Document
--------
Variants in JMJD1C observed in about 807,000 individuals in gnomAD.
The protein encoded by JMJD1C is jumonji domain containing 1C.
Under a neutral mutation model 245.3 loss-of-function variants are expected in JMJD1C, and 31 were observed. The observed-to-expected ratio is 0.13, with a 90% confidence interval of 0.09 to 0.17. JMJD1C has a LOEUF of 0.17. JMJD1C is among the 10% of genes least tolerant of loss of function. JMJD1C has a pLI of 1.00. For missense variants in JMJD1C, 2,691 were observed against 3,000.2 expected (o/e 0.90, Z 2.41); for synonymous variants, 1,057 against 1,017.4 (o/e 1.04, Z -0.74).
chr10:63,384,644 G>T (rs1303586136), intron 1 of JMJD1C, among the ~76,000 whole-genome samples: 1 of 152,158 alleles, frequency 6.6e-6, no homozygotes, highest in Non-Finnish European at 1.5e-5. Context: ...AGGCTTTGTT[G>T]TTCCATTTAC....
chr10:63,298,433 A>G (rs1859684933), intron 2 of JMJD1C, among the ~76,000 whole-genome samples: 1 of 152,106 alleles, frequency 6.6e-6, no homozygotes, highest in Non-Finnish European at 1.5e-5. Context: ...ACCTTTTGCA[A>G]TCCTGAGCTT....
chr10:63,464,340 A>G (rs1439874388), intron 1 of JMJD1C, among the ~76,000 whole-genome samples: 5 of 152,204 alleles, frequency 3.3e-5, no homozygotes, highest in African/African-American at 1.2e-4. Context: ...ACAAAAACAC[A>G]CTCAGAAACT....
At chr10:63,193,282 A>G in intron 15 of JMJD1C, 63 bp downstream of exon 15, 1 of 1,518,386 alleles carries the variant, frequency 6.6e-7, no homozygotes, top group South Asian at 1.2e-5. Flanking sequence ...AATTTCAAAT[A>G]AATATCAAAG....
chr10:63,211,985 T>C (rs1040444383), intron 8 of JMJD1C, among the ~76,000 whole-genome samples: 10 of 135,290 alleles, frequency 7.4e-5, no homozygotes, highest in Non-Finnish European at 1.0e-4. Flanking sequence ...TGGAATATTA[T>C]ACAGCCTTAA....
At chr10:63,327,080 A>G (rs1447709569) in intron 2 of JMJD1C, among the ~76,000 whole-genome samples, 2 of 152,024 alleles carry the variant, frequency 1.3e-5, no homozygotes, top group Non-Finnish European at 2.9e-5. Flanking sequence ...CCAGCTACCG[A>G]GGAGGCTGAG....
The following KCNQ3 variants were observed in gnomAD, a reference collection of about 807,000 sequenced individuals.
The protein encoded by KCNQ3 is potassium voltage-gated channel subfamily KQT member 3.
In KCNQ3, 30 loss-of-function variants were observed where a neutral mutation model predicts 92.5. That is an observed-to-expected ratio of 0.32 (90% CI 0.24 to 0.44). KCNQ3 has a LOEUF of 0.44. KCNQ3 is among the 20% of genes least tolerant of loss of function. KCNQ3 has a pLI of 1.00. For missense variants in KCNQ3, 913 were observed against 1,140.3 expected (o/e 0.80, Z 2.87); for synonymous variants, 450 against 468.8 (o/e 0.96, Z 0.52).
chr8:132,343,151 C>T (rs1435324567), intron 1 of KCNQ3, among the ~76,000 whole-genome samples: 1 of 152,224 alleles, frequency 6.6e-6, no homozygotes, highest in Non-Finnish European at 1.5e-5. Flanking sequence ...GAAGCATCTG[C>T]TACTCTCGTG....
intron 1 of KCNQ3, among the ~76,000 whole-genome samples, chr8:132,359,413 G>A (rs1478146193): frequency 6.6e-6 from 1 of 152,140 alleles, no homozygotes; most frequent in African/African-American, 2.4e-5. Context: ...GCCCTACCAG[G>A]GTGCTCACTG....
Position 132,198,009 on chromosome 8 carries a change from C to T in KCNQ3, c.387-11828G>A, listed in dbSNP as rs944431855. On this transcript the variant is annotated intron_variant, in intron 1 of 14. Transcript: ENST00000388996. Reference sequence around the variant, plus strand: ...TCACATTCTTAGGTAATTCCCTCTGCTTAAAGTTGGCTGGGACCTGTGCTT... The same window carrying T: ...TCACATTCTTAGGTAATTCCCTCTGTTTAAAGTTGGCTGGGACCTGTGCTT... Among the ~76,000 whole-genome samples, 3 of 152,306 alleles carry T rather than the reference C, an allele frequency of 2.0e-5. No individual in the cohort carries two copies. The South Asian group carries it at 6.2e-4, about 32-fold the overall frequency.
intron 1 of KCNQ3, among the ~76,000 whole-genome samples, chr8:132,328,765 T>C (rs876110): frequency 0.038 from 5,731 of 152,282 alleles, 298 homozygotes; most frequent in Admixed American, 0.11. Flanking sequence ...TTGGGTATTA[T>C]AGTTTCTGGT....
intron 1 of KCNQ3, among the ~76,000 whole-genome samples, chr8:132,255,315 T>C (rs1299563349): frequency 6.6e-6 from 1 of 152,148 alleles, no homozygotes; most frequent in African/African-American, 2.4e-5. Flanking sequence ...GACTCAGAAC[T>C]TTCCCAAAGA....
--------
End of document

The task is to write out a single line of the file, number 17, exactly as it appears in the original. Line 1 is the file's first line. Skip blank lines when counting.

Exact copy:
intron 1 of KCNQ3, among the ~76,000 whole-genome samples, chr8:132,255,315 T>C (rs1299563349): frequency 6.6e-6 from 1 of 152,148 alleles, no homozygotes; most frequent in African/African-American, 2.4e-5. Flanking sequence ...GACTCAGAAC[T>C]TTCCCAAAGA....